And while Samsung undoubtedly will appeal the decision, Judge Lucy Koh still hasn’t had her final say on the matter. Things could get significantly worse for Samsung, since Koh has the ability to triple the damages awarded by the jury, as well as to ban the sale of Samsung’s patent-infringing devices on U.S. shelves.
Samsung’s reaction to the ruling, as quoted in The Verge:
“Today’s verdict should not be viewed as a win for Apple, but as a loss for the American consumer. It will lead to fewer choices, less innovation, and potentially higher prices. It is unfortunate that patent law can be manipulated to give one company a monopoly over rectangles with rounded corners …”
Outside of the rhetoric, though what does this case mean for consumers and investors?
The fallout has been predictably swift. Samsung shares shed 7% of their value today, knocking $12 billion off the company’s market value. AAPL, meanwhile, gained 2% and continued to forge new all-time highs.
Samsung is sitting on a $21 billion cash pile, so any damages that are ultimately paid to Apple — even if they’re tripled to $3 billion — won’t seriously harm the company. Even a U.S. sales ban won’t be the end of the world. Samsung has repeatedly proven itself a nimble competitor, able to quickly churn out variations of products with minor adjustments if needed. Plus, while the U.S. market is big, Samsung is a global competitor — one that sells a ton of products other than smartphones and tablets.
The timing of all of this is bad from Samsung’s perspective (and pretty good from Apple’s), however, as it could result in Apple’s iPhone 5 having a fall launch window clear of its chief rival — Samsung’s Galaxy III S smartphone. That could turn what’s already expected to be a record product launch for Apple into a rout. If Samsung is allowed to continue selling its smartphone, there’s a good chance it will end up paying $10 to Apple for every unit sold in licensing fees. Either way, Apple is set to win in the short term.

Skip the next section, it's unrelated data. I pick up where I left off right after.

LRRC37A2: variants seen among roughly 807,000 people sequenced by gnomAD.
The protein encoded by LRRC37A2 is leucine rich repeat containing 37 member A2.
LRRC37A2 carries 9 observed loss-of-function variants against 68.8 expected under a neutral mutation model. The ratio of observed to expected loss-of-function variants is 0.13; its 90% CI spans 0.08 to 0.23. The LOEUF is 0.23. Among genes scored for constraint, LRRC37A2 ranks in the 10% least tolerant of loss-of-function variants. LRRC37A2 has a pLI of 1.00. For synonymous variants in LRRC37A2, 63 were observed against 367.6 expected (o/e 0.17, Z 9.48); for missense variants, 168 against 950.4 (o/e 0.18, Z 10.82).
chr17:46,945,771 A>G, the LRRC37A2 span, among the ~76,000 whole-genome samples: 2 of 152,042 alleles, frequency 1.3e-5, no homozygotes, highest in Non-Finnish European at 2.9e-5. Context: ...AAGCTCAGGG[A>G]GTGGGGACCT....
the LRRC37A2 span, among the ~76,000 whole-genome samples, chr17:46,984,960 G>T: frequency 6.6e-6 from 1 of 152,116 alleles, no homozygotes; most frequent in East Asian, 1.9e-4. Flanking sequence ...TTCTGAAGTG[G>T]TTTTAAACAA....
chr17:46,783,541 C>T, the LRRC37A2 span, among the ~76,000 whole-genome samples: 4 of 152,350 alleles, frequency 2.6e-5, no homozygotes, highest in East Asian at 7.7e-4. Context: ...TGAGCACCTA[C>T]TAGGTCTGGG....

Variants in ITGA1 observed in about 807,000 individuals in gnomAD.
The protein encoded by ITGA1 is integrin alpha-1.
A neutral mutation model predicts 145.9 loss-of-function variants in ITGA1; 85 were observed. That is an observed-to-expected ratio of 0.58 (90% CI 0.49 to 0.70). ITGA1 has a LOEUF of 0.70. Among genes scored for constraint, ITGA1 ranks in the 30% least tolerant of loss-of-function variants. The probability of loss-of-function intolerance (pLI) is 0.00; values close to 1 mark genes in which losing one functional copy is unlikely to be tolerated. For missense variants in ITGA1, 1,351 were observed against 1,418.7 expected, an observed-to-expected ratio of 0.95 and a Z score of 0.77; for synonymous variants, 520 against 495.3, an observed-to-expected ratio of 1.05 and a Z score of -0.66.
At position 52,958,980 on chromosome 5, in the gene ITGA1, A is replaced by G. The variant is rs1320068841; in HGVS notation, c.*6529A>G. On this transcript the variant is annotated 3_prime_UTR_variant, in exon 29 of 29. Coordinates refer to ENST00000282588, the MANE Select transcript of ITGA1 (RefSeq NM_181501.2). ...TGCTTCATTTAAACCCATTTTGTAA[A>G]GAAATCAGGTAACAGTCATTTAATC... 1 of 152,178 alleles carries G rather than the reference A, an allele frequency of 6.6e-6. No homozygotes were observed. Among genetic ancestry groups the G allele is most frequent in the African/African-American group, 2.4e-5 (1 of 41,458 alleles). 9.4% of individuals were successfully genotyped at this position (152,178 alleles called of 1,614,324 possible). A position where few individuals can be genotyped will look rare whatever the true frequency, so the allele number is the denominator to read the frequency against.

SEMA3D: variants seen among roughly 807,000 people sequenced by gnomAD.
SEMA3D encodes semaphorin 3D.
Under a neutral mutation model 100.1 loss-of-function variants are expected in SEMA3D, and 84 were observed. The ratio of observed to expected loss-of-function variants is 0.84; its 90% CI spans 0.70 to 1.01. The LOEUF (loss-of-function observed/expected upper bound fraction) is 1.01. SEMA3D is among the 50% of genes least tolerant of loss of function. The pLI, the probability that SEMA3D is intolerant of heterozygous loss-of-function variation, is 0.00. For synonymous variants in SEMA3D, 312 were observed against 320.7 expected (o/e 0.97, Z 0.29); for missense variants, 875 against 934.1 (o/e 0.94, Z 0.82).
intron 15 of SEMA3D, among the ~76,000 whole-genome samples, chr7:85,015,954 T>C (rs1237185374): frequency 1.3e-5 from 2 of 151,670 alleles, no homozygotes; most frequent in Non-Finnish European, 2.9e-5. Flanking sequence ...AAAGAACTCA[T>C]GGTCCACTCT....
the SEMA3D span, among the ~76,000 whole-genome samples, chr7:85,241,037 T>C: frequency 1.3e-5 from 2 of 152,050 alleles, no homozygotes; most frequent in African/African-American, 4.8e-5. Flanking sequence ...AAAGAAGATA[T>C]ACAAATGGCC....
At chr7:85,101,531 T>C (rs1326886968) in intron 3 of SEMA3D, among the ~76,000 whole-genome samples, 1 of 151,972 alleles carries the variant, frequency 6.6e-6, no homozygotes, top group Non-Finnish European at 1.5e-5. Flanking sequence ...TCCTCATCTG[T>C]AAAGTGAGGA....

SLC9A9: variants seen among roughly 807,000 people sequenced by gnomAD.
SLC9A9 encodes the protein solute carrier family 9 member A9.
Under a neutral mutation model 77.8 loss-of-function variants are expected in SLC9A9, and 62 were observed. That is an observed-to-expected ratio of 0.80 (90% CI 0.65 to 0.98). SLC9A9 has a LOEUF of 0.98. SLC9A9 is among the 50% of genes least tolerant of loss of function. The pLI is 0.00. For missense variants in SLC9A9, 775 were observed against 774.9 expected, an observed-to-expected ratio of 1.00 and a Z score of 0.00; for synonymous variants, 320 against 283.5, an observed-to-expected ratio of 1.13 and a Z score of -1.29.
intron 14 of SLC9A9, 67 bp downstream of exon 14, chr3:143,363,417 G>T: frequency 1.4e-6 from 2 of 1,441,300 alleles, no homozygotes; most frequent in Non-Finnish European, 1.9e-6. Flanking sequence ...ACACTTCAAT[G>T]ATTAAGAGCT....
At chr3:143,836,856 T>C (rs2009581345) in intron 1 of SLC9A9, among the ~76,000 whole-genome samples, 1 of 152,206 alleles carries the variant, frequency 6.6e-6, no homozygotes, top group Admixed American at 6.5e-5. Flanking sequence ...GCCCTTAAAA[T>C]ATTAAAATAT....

The other major impact of this court case is the sense of insecurity it has sent through Google’s (NASDAQ:GOOG) Android camp. Samsung isn’t the only manufacturer selling smartphones and tablets that resemble the iPhone or iPad; it’s just the biggest. And don’t forget the “killer” patent Apple was awarded in July covering smartphone user interfaces.
If Apple decides to go all-out on the legal front — which is something it has shown a willingness to do — HTC, LG and others could be vulnerable. Smaller manufacturers lack Samsung’s cash reserves for paying off any damages, and with Samsung and Apple raking in 90% of smartphone profits, a $10 licensing fee could result in selling smartphones at a loss.
Google itself released a statement claiming that the patents don’t relate to the “core Android operating system” in an attempt to calm the waters, but its stock still dipped at Monday’s market open and was down more than 1% in afternoon trading.